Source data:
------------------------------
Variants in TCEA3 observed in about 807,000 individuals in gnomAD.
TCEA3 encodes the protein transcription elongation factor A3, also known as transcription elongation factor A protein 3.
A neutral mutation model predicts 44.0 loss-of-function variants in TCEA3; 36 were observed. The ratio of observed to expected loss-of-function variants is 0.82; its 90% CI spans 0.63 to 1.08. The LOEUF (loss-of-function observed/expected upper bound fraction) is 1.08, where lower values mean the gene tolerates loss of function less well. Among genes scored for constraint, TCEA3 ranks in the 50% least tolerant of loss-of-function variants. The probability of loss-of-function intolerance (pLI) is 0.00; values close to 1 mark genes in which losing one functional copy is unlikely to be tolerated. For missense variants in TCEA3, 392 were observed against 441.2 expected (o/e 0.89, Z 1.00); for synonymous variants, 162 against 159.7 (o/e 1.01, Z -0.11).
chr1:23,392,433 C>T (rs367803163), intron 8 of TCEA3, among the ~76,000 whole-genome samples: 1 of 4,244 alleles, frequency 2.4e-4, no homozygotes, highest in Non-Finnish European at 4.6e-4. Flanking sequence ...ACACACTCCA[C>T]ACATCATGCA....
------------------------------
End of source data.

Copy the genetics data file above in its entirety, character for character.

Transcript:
Variants in TCEA3 observed in about 807,000 individuals in gnomAD.
TCEA3 encodes the protein transcription elongation factor A3, also known as transcription elongation factor A protein 3.
A neutral mutation model predicts 44.0 loss-of-function variants in TCEA3; 36 were observed. The ratio of observed to expected loss-of-function variants is 0.82; its 90% CI spans 0.63 to 1.08. The LOEUF (loss-of-function observed/expected upper bound fraction) is 1.08, where lower values mean the gene tolerates loss of function less well. Among genes scored for constraint, TCEA3 ranks in the 50% least tolerant of loss-of-function variants. The probability of loss-of-function intolerance (pLI) is 0.00; values close to 1 mark genes in which losing one functional copy is unlikely to be tolerated. For missense variants in TCEA3, 392 were observed against 441.2 expected (o/e 0.89, Z 1.00); for synonymous variants, 162 against 159.7 (o/e 1.01, Z -0.11).
chr1:23,392,433 C>T (rs367803163), intron 8 of TCEA3, among the ~76,000 whole-genome samples: 1 of 4,244 alleles, frequency 2.4e-4, no homozygotes, highest in Non-Finnish European at 4.6e-4. Flanking sequence ...ACACACTCCA[C>T]ACATCATGCA....